In need of a day off from reality, I headed up to my favorite spot west of Whitefish. The main lake, Upper Stillwater, is MY lake, has been for 22 years! There are three other lakes nearby, tiny ones nestled in canyon pockets, little gems to come upon after strenuous hikes. Two of them are well marked, I’ve been to them many times with all five of my dogs. But the third one has eluded me. The trail has never been quite clear and I’m a city girl at heart, leery of taking faint trails into true wilderness, “the one less traveled by.” So I studied the aerial map of the area and decided to be brave. Once I got up there it seemed more obvious this time where the trail was. Sadly, this is because more and more people have discovered this secluded area. But off we went. There was a lovely area where some group had recently laid a wonderful log path through a swampy area, where late monkey flowers, asters, and Queen Ann’s lace still bloomed.
After an hour and wondering where we were really going, the deep blue shine of a lake appeared. Well worth the hike. Coop slopped around in the water and I relaxed in the shade.
Then Coop said enough, let’s go! He’s been the model dog lately, a good hiking buddy, I was ready if he was.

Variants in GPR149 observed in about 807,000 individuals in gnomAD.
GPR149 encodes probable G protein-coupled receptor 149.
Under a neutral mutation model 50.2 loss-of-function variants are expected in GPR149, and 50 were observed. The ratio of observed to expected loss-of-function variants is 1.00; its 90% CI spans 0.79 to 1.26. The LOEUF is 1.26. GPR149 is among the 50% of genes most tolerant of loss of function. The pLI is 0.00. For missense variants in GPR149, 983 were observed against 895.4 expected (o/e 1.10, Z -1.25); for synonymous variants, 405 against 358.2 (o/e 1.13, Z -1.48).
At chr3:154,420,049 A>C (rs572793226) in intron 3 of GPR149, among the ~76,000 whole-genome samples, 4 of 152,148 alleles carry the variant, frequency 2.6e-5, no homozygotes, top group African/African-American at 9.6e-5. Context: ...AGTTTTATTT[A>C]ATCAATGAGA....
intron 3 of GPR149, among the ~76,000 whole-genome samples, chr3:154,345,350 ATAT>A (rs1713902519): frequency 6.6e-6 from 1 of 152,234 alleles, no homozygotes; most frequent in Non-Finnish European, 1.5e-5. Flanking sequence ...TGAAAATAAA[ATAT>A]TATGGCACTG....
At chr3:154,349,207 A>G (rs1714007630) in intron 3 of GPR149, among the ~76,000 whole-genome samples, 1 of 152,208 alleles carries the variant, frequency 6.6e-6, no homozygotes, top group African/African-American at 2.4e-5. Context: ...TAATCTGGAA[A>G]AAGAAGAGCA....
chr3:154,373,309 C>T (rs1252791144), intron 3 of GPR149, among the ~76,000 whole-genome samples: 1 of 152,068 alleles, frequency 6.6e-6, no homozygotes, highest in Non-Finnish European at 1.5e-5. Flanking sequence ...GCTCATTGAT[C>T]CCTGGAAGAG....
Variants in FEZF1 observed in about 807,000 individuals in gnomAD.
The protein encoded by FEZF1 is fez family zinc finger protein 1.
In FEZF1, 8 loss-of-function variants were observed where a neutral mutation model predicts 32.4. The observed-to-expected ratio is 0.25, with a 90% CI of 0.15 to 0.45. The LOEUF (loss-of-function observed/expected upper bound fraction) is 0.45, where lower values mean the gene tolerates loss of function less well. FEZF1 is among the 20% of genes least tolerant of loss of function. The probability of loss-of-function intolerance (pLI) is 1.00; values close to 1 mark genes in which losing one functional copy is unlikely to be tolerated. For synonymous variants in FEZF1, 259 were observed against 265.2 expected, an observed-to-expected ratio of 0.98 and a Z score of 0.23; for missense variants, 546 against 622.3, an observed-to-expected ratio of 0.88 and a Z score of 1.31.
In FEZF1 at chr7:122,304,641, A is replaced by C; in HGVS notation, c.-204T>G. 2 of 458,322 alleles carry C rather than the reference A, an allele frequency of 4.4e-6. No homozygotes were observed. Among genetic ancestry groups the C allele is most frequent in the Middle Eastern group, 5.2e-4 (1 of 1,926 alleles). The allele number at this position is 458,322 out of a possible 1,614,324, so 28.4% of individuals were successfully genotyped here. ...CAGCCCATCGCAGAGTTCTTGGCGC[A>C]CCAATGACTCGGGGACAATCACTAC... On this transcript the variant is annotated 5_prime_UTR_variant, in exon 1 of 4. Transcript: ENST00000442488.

Little did he know kayaking was next – not his favorite thing. Aside from having to be drug into the kayak, he rode like a pro, not barking at mergansers, herons, or threatening stumps.
I guess I’ve never been there at exactly this time of year as there was a bloom of flowers I’ve never seen before – so many it looked like snow on the water. The weather was perfect and, despite more visitors to the area, I only saw one canoe in all our time on the water.
As a treat each time I go, I pay a visit to “my homestead.” It’s deteriorating rapidly, a whole wall falling over since the last time I visited. Overgrown now with trees and suffering through many brutal winters, it will be more a part of the earth soon than of man-made things and its story will be lost.